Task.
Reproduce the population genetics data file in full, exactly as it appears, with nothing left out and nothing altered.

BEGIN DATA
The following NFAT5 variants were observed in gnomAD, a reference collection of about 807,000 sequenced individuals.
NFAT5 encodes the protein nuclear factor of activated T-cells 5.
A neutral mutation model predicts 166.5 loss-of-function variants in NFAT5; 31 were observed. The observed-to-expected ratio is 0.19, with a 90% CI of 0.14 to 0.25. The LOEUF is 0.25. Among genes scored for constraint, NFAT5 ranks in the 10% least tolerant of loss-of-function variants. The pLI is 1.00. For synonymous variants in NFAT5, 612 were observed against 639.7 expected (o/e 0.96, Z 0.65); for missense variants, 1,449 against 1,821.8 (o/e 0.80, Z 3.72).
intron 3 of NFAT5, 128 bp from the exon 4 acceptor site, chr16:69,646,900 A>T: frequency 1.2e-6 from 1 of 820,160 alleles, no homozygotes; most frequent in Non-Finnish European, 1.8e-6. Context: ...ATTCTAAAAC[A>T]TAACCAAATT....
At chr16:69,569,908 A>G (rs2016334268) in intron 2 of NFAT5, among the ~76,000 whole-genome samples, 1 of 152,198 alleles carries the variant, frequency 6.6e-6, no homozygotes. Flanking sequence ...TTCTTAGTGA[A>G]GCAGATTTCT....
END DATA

The following NFAT5 variants were observed in gnomAD, a reference collection of about 807,000 sequenced individuals.
NFAT5 encodes the protein nuclear factor of activated T-cells 5.
A neutral mutation model predicts 166.5 loss-of-function variants in NFAT5; 31 were observed. The observed-to-expected ratio is 0.19, with a 90% CI of 0.14 to 0.25. The LOEUF is 0.25. Among genes scored for constraint, NFAT5 ranks in the 10% least tolerant of loss-of-function variants. The pLI is 1.00. For synonymous variants in NFAT5, 612 were observed against 639.7 expected (o/e 0.96, Z 0.65); for missense variants, 1,449 against 1,821.8 (o/e 0.80, Z 3.72).
intron 3 of NFAT5, 128 bp from the exon 4 acceptor site, chr16:69,646,900 A>T: frequency 1.2e-6 from 1 of 820,160 alleles, no homozygotes; most frequent in Non-Finnish European, 1.8e-6. Context: ...ATTCTAAAAC[A>T]TAACCAAATT....
At chr16:69,569,908 A>G (rs2016334268) in intron 2 of NFAT5, among the ~76,000 whole-genome samples, 1 of 152,198 alleles carries the variant, frequency 6.6e-6, no homozygotes. Flanking sequence ...TTCTTAGTGA[A>G]GCAGATTTCT....